When combined with traditional psychotherapy, activities involving horses can help people suffering from a range of mental conditions, including depression and ADHD.
Humans and horses have maintained a healthy relationship for millennia — research suggests people first domesticated the large ungulates 6,000 years ago in the western region of the Eurasian Steppe. But far from being the simple beasts of burden or transportation tools they were in the past, horses today have become key players in the mental rehabilitation of many people around the world.
Equine-assisted therapy is an umbrella term encompassing several therapeutic activities involving horses. Hippotherapy, for example, utilizes the movement of horses for physical, occupational, or speech therapy, and has been used to treat motor and sensory issues associated with cerebral palsy, multiple sclerosis, and stroke, among other things. Though horses have been used for physical therapy since at least the fifth century B.C., the formal discipline of hippotherapy wasn’t established until the 1960s.
On the other hand, equine-assisted psychotherapy (EAP) — a type of experiential psychotherapy that uses horses to help in the treatment of psychological and behavioral issues — is a much newer activity that isn’t widely practiced yet, says Hallie Sheade, a licensed professional counselor who runs Equine Connection Counseling, an EAP practice based in Texas. “It is a very exciting and rapidly growing field,” she says.
How Horses Help
While scientists understand how the rhythmic movement of horses can assist with motor and sensory problems, how horses help with mental or behavioral issues hasn’t been completely worked out.
“The mechanism of action hasn’t been well established for equine-assisted therapies with relation to non-physiological, non-mobility activities,” says Alexa Smith-Osborne, an associate professor of social work at the University of Texas at Arlington, who studied equine-assisted therapy. “Nevertheless, on a practical basis, there are some theoretical perspectives.”
For one thing, horses are prey animals, she says. Because of this, horses are more highly attuned to environmental activity and sensitive to people’s emotional states than dogs and other animals typically used in assisted therapies.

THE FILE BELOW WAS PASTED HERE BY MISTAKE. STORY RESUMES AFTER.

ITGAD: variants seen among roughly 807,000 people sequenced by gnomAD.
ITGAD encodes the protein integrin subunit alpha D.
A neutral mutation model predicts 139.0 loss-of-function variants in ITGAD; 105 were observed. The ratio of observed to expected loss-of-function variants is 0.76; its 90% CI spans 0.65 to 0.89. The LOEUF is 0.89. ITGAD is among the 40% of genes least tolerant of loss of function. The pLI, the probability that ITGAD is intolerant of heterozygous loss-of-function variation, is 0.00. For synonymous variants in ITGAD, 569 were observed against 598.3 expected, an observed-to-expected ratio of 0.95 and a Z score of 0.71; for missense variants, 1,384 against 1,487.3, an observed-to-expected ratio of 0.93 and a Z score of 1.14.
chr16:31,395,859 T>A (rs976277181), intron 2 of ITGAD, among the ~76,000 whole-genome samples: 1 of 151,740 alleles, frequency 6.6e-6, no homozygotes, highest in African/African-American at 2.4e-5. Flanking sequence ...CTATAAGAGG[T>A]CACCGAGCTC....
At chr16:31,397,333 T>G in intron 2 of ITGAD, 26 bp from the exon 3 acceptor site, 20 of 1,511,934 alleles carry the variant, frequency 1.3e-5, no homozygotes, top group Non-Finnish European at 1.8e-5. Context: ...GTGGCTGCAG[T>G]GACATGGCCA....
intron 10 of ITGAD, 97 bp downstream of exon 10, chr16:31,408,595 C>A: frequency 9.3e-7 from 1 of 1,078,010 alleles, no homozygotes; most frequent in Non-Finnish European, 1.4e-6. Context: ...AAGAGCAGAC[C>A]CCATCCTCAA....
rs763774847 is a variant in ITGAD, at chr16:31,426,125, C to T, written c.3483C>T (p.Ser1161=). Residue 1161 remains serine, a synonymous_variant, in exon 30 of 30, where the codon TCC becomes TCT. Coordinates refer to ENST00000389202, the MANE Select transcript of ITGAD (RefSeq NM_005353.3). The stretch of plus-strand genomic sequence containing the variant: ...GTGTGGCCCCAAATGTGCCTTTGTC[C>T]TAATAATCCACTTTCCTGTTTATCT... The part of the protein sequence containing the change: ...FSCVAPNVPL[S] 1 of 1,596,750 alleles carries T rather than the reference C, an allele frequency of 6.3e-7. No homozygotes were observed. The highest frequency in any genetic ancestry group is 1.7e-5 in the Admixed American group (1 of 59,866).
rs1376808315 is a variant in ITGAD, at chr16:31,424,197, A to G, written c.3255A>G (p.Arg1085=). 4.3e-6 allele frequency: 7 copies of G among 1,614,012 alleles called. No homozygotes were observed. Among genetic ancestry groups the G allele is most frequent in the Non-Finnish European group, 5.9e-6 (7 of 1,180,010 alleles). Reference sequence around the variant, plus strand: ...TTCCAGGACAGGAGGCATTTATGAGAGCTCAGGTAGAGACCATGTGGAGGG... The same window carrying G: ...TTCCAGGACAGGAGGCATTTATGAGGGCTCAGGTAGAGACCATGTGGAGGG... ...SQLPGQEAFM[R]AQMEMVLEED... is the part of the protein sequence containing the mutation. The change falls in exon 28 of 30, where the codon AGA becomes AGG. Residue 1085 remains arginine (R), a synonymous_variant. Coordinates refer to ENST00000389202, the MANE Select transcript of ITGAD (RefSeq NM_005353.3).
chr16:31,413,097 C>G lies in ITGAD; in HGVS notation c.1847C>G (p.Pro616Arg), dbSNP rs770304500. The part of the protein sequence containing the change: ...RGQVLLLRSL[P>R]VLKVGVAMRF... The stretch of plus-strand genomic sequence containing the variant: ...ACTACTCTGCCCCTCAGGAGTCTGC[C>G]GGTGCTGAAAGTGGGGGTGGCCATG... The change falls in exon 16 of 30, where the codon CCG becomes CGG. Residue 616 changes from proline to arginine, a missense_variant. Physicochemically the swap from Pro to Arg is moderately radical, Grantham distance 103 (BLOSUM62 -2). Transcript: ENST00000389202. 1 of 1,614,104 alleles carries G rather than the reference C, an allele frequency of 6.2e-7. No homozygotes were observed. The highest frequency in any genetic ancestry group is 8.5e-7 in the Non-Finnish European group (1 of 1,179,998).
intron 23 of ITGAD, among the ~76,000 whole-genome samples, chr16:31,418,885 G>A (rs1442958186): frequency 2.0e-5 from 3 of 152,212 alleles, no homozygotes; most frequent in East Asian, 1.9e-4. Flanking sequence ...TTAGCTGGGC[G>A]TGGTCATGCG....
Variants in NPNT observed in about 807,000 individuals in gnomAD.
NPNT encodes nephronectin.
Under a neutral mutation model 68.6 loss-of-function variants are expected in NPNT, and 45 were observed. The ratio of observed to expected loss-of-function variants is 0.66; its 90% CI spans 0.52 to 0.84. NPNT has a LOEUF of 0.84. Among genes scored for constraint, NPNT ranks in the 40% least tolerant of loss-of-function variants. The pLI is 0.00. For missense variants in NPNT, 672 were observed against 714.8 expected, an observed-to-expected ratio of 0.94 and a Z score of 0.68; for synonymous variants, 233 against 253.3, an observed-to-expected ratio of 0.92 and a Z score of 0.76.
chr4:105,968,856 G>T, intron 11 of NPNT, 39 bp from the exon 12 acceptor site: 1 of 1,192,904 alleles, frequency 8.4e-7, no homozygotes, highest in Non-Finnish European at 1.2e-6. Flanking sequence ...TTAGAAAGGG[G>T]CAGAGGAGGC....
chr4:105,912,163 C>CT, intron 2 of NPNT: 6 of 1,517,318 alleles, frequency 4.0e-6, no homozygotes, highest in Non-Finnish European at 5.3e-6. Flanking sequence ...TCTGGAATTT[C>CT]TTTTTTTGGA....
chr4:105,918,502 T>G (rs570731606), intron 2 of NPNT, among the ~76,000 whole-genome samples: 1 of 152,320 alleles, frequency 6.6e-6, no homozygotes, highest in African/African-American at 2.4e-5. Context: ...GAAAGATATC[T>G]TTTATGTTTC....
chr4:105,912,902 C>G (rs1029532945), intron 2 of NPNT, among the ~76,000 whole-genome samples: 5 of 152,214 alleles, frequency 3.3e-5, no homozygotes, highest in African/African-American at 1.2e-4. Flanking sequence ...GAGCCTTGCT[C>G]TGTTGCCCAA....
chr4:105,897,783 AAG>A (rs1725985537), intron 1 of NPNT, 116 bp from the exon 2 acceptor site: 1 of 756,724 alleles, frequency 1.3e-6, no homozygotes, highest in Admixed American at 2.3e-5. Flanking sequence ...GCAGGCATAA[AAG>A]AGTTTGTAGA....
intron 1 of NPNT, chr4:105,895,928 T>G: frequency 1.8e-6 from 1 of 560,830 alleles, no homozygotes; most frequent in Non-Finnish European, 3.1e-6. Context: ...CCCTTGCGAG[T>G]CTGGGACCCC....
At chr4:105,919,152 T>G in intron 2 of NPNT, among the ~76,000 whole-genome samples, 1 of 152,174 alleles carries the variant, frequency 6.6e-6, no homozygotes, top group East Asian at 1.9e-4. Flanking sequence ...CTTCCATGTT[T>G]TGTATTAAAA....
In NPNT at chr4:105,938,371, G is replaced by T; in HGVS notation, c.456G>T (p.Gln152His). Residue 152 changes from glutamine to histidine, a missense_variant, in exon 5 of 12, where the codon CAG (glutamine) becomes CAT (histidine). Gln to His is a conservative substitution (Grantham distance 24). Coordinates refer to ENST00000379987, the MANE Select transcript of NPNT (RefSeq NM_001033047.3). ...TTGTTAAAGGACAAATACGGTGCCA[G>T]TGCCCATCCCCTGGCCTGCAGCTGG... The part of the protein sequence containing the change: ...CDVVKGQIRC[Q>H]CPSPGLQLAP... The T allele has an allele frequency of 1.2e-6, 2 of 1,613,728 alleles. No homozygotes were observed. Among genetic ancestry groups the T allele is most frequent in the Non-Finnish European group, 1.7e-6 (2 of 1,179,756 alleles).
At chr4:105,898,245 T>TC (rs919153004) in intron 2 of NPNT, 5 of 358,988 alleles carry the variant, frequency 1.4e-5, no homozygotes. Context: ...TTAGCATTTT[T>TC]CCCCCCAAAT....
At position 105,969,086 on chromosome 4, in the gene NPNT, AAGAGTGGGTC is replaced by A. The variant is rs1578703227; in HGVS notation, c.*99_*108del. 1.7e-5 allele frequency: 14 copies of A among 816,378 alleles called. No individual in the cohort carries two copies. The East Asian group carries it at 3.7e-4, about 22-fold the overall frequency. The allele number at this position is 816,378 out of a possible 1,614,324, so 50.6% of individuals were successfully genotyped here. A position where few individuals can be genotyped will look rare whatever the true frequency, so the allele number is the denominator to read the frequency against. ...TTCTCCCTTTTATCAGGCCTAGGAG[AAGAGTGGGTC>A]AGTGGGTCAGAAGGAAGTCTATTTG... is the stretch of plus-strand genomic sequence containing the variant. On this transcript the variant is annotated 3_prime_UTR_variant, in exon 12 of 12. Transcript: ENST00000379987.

“They’re capable of reading or becoming aware of how [a patient’s] feeling before I’m aware of it or the even the client is,” Sheade says. “The horse will then give feedback to the client, such as by moving towards the client or away.”
Additionally, horses are large and powerful and have the potential of allowing people to overcome fear and develop confidence that can be translated into real-life situations. They can also help put people at ease because they’re unbiased and non-judgmental, responding only to people’s intent and behavior. What’s more, they’re social animals with their own personalities, and are most willing to interact when people are engaged and work to build a relationship with them.
Uses and Benefits of EAP
EAP has been used in the treatment of a wide range of conditions, including:
- Post-traumatic stress disorder
- Attention deficit hyperactive disorder
- Behavioral issues, including aggressive behavior
- Substance abuse
- Eating disorders, including anorexia and bulimia
- Relationship problems
- Communication issues
Equine-assisted therapy sessions, which involve a therapist and horse handler, vary depending on the condition being treated and the person(s) involved. In general, traditional experiential psychotherapy techniques, such as role-playing, role-reversal, and mirroring, are combined with equine-based activities, including choosing, grooming, and walking a horse. After the activity, patients then process or discuss their feelings and behaviors associated with the session.
Though qualitative case studies have demonstrated benefits to equine-assisted psychotherapy, well-controlled, quantitative studies are lacking. But in a study published in the journal Health Psychology, Smith-Osborne and her colleague Alison Shelby reviewed previous research on EAP, and found that the practice is a promising adjunct to traditional therapy.
“It’s really only possible to say with any confidence that there’s empirical evidence that equine-assisted activities appear to be helpful as a complementary treatment for a range of disorders,” Smith-Osborne says. “And for people who have not responded well to first-line treatments, it does show promise.”
Anecdotally, the horse-based therapy can provide numerous benefits, which can arise in as little as two to three sessions, Sheade says. Benefits include improved:
- Communication skills
- Interpersonal relationships
- Focus and concentration
Studies have also suggested EAP can decrease anger, depression, dissociation, and aggression.
Adverse effects from EAP are rare, but decreased self-esteem and increased aggression in children and adolescents have been reported. Researchers think these negative effects may be due to attachment and subsequent loss of the horse companion after the therapy ends.
Seeking Horse Therapy
Given that EAP isn’t widely available yet, it may be difficult to find an establishment offering this service in your area. However, PATH International and EAGALA— reputable equine-assisted therapy associations — have listings of accredited centers by location.
When you visit a center, a therapist will discuss with you your background and goals, and come up with a treatment plan. Keep in mind that your insurance may not cover some or all of the therapy costs.
“But there have been cases where individuals have gone to court with insurance companies and won,” Smith-Osborne says.